|Publication number||US4723687 A|
|Application number||US 06/472,764|
|Publication date||Feb 9, 1988|
|Filing date||Mar 7, 1983|
|Priority date||Mar 16, 1981|
|Publication number||06472764, 472764, US 4723687 A, US 4723687A, US-A-4723687, US4723687 A, US4723687A|
|Original Assignee||Franz Kutterer|
|Export Citation||BiBTeX, EndNote, RefMan|
|Patent Citations (11), Referenced by (59), Classifications (13), Legal Events (4)|
|External Links: USPTO, USPTO Assignment, Espacenet|
The present application is a continuation-in-part application of application Ser. No. 243,883, filed Mar. 16, 1981, now abandoned.
1. Field of the Invention
The invention relates to a tube consisting of plastic or metal and having a neck sealed by a membrane and covered by a cap having a punch member for piercing the membrane.
2. Description of the Prior Art
The neck openings of tubes, particularly tubes containing medication, are usually sealed by membranes in order to prevent contamination of the content of such tubes. In this manner, the tube content can be stored over a relatively long period of time even if the content is easily perishable once exposed to air. Also medication can remain sterile until the tube is opened.
The tube is normally opened by means of a punch which is disposed in the screw cap and with which the membrane is pierced and pushed into the interior of the tube. Usually, the punch is provided inside on top of the cap and the cap is firmly threaded onto the tube neck in order to prevent the sensitive membrane from being damaged by mechanical objects. It is, however, also possible to arrange the punch member within the screw cap, but then means must be provided for preventing unwanted piercing of the membrane upon mounting of the screw cap onto the tube neck.
With all these arrangements, the membrane, when pierced, is pushed into the tube. This however is disadvantageous since parts of the ruptured membrane will emerge from the tube with the content or, at least, they will return to their original position, thereby restricting or impeding the flow of the content from the tube and resulting in inconveniences. It is therefore the principal object of the present invention to provide a tube whose neck is closed by a membrane in the manner known as reliable but which can be opened without the membrane being forced into the tube.
A tube consisting of plastic or metal has a neck closed by a membrane sealing the tube. A cap to be mounted on the tube neck has a tubular punch member with a circular cutting edge of a diameter corresponding to the inner diameter of the neck so as to cleanly sever the membrane from the neck when the cap is mounted for this purpose. Means are provided for holding the severed membrane in engagement with the cap to prevent the membrane from entering the tube when severed from the tube neck.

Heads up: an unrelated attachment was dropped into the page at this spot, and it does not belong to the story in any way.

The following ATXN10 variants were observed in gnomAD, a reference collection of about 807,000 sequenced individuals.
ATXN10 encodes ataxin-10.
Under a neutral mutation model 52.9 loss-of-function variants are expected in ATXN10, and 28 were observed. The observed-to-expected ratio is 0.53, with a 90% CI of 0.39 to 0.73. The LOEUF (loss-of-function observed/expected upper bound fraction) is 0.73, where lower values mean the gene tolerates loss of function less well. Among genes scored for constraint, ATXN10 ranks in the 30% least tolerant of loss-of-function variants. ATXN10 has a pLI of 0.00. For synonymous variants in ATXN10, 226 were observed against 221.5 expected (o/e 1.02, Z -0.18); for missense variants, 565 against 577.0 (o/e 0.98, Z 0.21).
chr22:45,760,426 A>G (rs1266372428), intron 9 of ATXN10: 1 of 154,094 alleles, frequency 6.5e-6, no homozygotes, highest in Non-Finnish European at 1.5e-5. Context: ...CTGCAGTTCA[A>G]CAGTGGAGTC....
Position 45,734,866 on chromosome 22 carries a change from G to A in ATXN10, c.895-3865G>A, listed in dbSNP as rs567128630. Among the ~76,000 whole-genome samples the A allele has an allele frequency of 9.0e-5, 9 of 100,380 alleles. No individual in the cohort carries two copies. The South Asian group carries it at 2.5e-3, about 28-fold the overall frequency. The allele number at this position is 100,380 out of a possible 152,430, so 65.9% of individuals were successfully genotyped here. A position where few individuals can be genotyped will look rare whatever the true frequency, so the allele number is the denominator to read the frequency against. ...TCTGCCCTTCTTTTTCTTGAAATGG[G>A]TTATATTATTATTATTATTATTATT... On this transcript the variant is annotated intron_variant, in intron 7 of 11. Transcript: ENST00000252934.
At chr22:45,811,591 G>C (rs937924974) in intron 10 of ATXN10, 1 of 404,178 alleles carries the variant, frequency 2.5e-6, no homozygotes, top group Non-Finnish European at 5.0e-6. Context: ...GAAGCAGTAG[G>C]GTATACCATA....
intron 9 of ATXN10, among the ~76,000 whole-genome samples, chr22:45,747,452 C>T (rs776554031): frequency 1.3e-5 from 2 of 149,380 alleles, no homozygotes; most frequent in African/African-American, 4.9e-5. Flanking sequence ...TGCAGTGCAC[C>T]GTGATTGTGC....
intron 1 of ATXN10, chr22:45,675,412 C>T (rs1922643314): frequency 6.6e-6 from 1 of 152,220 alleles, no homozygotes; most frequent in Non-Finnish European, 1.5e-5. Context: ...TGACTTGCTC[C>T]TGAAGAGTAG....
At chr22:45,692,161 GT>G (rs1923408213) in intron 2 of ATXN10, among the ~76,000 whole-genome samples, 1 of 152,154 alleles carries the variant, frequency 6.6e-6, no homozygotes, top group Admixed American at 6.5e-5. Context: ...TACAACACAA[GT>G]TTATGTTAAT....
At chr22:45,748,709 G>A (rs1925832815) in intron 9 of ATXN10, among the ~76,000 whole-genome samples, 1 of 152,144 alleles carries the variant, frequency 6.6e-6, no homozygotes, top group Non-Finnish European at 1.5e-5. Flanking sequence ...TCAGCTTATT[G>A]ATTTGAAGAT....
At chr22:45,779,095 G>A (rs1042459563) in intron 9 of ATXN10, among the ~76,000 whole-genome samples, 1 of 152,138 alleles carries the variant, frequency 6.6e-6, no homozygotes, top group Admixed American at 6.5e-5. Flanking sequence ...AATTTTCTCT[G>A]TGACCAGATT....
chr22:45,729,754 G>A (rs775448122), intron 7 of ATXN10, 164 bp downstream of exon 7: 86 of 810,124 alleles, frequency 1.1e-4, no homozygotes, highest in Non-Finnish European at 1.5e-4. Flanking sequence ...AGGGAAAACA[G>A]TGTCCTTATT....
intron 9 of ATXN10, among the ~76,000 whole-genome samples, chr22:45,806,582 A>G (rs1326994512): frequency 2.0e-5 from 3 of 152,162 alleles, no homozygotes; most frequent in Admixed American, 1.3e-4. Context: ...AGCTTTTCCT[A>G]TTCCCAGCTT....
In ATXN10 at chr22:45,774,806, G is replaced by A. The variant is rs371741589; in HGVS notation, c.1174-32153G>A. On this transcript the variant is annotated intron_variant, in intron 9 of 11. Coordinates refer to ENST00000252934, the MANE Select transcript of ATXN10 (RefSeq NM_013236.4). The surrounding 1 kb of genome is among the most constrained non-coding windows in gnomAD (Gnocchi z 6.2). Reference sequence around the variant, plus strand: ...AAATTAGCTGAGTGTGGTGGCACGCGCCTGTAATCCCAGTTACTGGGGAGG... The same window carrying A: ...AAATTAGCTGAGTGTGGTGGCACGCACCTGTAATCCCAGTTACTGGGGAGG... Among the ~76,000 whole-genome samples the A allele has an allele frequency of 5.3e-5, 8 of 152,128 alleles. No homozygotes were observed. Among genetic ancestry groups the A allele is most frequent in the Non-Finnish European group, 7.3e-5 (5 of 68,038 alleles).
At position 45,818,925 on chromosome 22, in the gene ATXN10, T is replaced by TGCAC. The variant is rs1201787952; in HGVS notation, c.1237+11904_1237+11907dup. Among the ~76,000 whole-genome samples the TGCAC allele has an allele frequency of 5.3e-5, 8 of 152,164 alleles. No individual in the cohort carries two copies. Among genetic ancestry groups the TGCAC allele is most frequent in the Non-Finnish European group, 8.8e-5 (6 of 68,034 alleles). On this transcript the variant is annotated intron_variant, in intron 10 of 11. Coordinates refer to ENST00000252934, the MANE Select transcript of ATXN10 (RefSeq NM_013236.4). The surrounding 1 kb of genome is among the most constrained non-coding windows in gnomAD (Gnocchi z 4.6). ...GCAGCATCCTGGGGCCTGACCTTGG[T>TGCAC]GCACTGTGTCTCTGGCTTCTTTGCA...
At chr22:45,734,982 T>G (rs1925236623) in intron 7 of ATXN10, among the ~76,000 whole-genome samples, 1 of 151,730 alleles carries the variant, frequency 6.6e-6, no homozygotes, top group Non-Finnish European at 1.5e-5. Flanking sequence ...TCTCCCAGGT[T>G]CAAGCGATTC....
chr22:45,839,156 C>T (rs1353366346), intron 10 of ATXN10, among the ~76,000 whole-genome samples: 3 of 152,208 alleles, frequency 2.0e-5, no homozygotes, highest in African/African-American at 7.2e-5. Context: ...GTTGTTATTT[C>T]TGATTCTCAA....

The membrane may consist of plastic or metal depending on the tube material. The membrane is engaged by the cap before it is cut by the tubular punch member from the neck and is forced by the tube content into the tubular punch member away from the neck walls whereby the membrane is compressed and forced into the tubular punch member in a bulged shape. The tension produced in this position causes engagement of the membrane with the inner wall surface of the punch member such that the membrane plate is retained therein. Since furthermore the outer diameter of the tubular punch member is the same as the inner diameter of the tube neck and the tubular punch member has an inwardly slanted cutting edge forming a cutting edge at the outer circumference of the punch member, the punch member is forced into sliding engagement with the walls of the tube neck and the membrane is so cleanly separated that there remains no restriction in the tube neck which might impede the outflow of the material contained in the tube and that no membrane pieces remain which may be carried out with the material in the tube.
Consequently, in compliance with the object of the present invention, the membrane, after being severed, is not simply pushed into the tube but is held in engagement with the punch member. At the same time, the neck opening is clear and smooth providing for a clean outflow of material over the full cross-sectional area of the tube neck with no restrictions behind which portions of the tube content might collect and solidify.
In order to facilitate the cutting of the membrane, the cutting edge of the punch member may be in the form of a screw thread such that cutting of the membrane occurs slowly while the cap is screwed on.
In order to safely retain the severed membrane within the cap, the inner surface of the punch member may alternatively be threaded, it may be roughened or it may be provided with ridges. If the membrane is relatively thick, it is considered desirable to provide a central retaining pin within the punch member which provides for firm engagement of the membrane with the punch member walls and for safe retaining of the severed membrane. Such a retaining pin projects beyond the cutting edge of the punch member. It is preferably roughened or provided with ridges or has an annular bead spaced from its piercing point or if it is provided with an annular groove preferably in radial alignment with an annular bead in the tubular punch member so that the severed membrane will be securely wedged onto the retaining pin and will not enter the tube.
Preferably, the retaining pin is threaded and preferably with a thread of greater pitch than that of the cap. With this arrangement, the retaining pin screws itself into the membrane which, when subsequently cut by the tubular punch member, will safely be engaged by the retaining pin.
It is also possible to equip the membrane with an axially outward projecting collar whose outside diameter corresponds to the inside diameter of the tubular punch member. With this arrangement the tubular punch member first receives the collar when the tube is opened for the first time before the membrane is cut so that the collar with the membrane thereon is securely held within the tubular punch member of the cap, thereby forming a plug. Preferably, the collar is hollow and so formed that it resiliently engages the tubular punch member wall. Again, the collar may be roughened, provided with ridges or with an annular recess or an annular bead, or the collar may have external thread and the punch member may have a cooperating internal thread which would have the same pitch as the cap thread. An annular bead or recess may also be formed on the inner surface of the tubular punch member which receives the collar, the bead of the punch member or the collar being received in the annular recess of the collar or the punch member for engaging the collar within the tubular punch member.